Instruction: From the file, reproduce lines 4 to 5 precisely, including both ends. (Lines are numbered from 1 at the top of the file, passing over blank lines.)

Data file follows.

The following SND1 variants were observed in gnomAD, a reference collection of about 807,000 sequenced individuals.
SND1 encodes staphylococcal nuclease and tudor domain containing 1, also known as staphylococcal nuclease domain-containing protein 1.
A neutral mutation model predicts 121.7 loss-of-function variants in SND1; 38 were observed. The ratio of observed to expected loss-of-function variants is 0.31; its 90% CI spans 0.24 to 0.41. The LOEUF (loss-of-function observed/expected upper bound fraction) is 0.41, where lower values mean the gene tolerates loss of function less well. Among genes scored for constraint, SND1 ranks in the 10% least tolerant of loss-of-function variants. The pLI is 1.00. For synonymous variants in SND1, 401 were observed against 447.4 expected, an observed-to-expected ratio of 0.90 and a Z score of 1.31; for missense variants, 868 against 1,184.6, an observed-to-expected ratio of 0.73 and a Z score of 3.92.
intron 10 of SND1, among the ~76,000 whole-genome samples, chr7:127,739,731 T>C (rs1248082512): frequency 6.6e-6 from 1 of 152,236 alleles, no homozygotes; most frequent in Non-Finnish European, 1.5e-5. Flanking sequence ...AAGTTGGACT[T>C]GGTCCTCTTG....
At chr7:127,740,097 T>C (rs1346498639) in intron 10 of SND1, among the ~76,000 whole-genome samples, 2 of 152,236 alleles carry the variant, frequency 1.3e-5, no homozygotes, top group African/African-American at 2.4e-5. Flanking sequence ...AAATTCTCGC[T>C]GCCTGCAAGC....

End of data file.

intron 10 of SND1, among the ~76,000 whole-genome samples, chr7:127,739,731 T>C (rs1248082512): frequency 6.6e-6 from 1 of 152,236 alleles, no homozygotes; most frequent in Non-Finnish European, 1.5e-5. Flanking sequence ...AAGTTGGACT[T>C]GGTCCTCTTG....
At chr7:127,740,097 T>C (rs1346498639) in intron 10 of SND1, among the ~76,000 whole-genome samples, 2 of 152,236 alleles carry the variant, frequency 1.3e-5, no homozygotes, top group African/African-American at 2.4e-5. Flanking sequence ...AAATTCTCGC[T>C]GCCTGCAAGC....